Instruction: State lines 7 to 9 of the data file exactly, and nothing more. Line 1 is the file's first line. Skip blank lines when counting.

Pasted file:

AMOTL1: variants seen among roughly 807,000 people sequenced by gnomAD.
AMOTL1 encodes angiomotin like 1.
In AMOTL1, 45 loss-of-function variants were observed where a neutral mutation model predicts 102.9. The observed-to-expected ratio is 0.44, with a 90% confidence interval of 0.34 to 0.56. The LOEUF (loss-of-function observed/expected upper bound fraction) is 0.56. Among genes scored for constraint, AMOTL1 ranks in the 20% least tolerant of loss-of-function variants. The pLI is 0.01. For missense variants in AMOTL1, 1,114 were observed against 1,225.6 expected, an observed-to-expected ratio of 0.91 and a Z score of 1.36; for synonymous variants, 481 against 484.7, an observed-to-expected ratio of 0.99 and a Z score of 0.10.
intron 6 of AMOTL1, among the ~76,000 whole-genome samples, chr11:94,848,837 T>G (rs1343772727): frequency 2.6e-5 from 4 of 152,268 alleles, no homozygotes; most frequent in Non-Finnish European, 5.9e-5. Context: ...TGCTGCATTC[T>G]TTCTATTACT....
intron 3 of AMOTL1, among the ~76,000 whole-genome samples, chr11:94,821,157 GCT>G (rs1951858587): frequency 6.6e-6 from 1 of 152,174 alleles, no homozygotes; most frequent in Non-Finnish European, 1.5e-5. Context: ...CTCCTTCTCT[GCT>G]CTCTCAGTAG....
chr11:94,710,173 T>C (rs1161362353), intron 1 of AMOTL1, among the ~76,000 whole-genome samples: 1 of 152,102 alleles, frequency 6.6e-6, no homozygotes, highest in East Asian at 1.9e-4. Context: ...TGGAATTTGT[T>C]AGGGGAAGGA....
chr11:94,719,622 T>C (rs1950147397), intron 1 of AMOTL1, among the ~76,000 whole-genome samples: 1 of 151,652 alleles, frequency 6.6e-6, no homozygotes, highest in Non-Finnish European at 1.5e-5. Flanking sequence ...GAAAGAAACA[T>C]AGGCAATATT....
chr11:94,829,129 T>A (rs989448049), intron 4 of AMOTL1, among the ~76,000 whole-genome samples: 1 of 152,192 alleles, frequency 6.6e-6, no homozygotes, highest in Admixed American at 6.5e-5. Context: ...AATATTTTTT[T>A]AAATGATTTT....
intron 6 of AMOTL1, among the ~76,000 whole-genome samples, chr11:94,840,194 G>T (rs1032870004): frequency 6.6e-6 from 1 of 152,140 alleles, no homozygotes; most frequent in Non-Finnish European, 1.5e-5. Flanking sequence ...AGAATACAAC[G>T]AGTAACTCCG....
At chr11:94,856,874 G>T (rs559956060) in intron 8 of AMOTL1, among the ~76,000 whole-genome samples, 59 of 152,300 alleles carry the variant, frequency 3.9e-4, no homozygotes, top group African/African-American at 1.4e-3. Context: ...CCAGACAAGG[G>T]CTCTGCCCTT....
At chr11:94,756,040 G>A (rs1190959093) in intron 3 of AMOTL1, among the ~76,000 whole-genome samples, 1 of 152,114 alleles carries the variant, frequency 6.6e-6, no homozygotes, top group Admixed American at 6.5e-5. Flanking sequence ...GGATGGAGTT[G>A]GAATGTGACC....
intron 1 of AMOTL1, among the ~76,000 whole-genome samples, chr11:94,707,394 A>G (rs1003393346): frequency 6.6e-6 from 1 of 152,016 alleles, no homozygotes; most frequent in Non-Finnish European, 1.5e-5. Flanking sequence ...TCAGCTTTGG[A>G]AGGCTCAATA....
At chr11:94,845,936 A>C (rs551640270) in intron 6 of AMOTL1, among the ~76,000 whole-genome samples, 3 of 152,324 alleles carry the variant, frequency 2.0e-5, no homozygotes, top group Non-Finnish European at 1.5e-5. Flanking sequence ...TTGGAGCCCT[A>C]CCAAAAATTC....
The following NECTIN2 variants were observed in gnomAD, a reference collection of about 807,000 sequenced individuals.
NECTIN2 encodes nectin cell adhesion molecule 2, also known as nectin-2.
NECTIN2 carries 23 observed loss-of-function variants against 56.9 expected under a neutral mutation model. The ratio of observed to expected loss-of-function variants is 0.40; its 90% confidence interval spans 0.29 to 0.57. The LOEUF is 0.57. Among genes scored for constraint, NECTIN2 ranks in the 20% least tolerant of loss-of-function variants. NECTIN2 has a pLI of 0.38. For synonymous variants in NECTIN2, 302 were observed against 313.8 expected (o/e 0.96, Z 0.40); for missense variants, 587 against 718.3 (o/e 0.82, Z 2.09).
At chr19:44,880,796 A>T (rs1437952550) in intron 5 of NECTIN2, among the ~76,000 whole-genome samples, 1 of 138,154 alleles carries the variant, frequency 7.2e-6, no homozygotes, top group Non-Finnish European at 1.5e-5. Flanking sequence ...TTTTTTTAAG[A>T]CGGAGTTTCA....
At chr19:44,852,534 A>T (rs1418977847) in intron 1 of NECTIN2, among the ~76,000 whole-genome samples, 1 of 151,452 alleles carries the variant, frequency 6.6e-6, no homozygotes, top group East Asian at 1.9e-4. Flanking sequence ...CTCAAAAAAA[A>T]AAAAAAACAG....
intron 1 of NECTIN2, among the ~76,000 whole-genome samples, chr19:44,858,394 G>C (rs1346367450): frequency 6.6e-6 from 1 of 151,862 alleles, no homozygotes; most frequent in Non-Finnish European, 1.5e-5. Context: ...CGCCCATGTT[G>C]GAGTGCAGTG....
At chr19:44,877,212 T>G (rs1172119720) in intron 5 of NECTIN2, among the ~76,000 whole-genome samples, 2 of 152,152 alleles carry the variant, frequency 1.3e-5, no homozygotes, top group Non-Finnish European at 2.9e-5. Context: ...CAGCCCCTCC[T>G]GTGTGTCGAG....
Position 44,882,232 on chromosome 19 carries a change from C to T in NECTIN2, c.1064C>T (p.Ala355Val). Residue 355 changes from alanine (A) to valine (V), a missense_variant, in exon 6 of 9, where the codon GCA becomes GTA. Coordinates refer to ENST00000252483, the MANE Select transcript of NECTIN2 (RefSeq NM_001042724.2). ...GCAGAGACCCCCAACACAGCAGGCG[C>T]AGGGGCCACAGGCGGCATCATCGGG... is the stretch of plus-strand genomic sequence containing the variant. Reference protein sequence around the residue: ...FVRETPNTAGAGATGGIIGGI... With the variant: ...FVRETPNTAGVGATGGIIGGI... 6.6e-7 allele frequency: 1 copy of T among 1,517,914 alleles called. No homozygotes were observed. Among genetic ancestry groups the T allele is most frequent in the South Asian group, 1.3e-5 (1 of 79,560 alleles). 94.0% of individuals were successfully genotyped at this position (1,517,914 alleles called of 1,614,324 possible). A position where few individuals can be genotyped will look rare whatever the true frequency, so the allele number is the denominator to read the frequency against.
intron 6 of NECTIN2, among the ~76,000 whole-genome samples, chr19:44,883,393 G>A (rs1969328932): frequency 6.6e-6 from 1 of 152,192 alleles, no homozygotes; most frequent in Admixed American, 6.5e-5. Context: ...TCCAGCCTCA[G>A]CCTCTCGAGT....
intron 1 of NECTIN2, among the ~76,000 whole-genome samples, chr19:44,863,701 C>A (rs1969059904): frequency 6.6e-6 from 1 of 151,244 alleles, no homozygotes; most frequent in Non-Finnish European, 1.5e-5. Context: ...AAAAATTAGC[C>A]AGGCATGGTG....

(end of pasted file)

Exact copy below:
chr11:94,719,622 T>C (rs1950147397), intron 1 of AMOTL1, among the ~76,000 whole-genome samples: 1 of 151,652 alleles, frequency 6.6e-6, no homozygotes, highest in Non-Finnish European at 1.5e-5. Flanking sequence ...GAAAGAAACA[T>C]AGGCAATATT....
chr11:94,829,129 T>A (rs989448049), intron 4 of AMOTL1, among the ~76,000 whole-genome samples: 1 of 152,192 alleles, frequency 6.6e-6, no homozygotes, highest in Admixed American at 6.5e-5. Context: ...AATATTTTTT[T>A]AAATGATTTT....
intron 6 of AMOTL1, among the ~76,000 whole-genome samples, chr11:94,840,194 G>T (rs1032870004): frequency 6.6e-6 from 1 of 152,140 alleles, no homozygotes; most frequent in Non-Finnish European, 1.5e-5. Flanking sequence ...AGAATACAAC[G>T]AGTAACTCCG....